Another thing she did that bothered me is that she asked me if I had filled out a record release form. I answered. Then a couple minutes later she asked again. I answered. Then she asked again. I answered. She continued to ask me this same questions over and over throughout our appointment. She clearly wasn't paying attention, which makes me wonder what else didn't she hear me say. Then I wonder what she put in my chart. Was that correct? Did she give me some negative label that will follow me any time I see a doc in that system?

Clearly, this is not the doctor for me. I'm trying to simplify my medical care not complicate it and spend more money on it. I just want to cry. I feel so defeated by the continued failure to find a good primary care doctor. What I wouldn't give to be rid of them entirely. I wish I didn't need medications or doctors. I wish I could just have a yearly exam and go on about my business. I wish there weren't so many shitty doctors. I wish the good ones weren't so hard to find. I wish we could have more say in our treatment. I wish there was a way to interview a doctor or otherwise determine if they would be a good fit prior to making an appointment.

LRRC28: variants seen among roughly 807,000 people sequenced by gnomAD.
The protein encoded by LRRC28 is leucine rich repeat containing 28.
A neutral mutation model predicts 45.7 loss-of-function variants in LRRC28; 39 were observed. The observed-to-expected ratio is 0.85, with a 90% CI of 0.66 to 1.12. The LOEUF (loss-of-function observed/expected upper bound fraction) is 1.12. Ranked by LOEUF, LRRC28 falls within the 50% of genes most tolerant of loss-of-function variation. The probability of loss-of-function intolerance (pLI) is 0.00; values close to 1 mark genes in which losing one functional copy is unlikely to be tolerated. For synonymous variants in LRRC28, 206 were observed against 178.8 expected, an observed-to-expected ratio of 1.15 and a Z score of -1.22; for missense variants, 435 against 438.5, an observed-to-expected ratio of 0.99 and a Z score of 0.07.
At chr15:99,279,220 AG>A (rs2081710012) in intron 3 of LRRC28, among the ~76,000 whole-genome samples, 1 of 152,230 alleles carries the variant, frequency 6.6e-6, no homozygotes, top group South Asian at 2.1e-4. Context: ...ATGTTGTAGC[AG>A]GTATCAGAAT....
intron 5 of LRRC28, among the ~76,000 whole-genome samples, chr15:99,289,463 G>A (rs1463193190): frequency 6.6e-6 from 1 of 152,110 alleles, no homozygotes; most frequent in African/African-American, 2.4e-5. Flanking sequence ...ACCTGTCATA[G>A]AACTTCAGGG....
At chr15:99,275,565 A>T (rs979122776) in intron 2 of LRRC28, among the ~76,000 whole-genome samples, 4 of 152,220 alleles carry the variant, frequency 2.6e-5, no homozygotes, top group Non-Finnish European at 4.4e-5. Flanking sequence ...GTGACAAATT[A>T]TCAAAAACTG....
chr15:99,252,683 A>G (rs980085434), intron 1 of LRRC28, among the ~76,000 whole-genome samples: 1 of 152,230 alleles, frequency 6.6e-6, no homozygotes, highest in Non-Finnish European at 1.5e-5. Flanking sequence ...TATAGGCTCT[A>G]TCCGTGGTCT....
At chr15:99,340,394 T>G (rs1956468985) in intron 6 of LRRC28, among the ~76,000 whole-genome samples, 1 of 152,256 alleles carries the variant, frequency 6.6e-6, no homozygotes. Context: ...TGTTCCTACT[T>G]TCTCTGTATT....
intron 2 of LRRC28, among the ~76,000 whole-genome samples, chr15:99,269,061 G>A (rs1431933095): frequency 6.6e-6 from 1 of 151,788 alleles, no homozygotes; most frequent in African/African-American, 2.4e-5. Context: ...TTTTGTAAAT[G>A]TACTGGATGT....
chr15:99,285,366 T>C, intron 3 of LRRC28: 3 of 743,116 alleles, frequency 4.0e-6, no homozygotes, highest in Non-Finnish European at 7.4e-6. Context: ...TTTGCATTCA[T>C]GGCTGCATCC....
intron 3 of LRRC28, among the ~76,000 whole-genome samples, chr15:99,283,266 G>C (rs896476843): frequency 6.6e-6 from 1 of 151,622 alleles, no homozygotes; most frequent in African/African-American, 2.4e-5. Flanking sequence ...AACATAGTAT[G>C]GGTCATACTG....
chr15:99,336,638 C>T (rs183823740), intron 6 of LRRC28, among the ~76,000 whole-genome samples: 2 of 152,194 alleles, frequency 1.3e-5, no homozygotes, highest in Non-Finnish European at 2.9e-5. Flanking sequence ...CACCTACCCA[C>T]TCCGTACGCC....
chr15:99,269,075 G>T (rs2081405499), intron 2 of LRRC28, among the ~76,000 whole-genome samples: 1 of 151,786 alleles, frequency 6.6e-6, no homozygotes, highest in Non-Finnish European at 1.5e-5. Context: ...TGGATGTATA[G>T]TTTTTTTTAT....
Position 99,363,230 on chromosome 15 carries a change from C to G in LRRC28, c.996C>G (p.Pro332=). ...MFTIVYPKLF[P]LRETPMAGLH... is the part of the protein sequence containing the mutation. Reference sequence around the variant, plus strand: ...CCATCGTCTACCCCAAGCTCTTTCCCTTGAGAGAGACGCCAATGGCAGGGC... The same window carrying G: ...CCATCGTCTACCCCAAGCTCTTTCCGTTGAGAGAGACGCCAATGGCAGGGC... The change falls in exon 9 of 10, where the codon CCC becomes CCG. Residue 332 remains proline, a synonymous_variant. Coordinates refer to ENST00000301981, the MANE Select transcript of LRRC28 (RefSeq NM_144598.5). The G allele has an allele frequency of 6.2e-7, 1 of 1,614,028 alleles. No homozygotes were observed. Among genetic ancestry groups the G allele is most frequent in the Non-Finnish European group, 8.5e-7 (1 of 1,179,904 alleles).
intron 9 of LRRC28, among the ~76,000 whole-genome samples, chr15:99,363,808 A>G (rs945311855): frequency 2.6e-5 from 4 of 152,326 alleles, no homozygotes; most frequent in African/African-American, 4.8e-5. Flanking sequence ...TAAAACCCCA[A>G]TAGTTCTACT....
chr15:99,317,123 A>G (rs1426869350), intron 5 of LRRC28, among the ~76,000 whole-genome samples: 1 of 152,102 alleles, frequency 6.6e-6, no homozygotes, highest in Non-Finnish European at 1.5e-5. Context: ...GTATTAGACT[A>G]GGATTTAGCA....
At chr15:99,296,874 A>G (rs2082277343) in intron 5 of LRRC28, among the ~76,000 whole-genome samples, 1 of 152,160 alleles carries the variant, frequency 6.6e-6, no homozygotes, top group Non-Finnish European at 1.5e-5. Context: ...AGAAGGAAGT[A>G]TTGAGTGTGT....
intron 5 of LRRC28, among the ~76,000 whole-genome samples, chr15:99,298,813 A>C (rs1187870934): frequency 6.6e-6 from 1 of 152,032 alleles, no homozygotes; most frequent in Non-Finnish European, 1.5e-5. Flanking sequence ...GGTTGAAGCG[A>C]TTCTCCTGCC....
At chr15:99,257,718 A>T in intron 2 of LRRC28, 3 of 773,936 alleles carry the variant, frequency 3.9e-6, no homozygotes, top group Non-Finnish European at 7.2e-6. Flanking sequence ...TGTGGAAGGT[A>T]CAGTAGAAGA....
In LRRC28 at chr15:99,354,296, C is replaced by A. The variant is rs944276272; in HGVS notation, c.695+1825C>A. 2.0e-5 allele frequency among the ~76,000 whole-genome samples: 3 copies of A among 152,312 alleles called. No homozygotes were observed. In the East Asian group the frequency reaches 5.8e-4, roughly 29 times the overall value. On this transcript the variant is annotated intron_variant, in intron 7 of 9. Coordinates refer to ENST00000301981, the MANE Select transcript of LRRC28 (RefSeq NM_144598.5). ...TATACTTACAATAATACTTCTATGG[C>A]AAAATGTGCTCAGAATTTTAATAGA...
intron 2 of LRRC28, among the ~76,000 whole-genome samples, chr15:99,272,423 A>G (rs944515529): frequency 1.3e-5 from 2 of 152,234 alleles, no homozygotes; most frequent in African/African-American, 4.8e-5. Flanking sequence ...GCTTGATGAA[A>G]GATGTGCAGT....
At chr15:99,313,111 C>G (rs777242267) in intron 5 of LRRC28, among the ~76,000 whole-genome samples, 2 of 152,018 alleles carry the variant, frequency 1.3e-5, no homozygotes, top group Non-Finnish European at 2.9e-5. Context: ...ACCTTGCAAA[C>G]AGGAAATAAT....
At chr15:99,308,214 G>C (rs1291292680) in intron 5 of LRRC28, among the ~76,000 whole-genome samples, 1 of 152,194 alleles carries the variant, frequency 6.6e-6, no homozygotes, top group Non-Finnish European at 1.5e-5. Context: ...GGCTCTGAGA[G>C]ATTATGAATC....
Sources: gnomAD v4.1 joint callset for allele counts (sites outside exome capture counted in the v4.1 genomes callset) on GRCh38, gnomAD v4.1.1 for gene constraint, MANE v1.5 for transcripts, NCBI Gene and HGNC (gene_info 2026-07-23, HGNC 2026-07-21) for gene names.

Monday, April 24, 2017

A New Approach to Botox

My recent trip to urgent care for my muscle spasm yielded a very interesting conversation with a fellow migraineur. The doctor who was working at the time happened to be a D.O. who used to have frequent migraines. A quick look at my history revealed my status as a chronic migraineur and so she wanted to tell me about how Botox significantly reduced her migraines.

I explained that I had tried it before and it hadn't been effective. Honestly, I just wasn't interested in having a conversation about it. I was there for my spasm and the matter is quite complicated. But since she's a doctor I heard her out and I'm glad that I did. 

Apparently she had gone to a plastic surgeon long before Botox was being used for migraines and asked to get injections in her specific trigger points. She had discovered on her own that she was able to stop a migraine if she caught it early with an injection of lidocaine into the painful spot where it seemed to manifest from. This gave her the idea to seek out Botox injections in those points for a more long term solution. And it worked.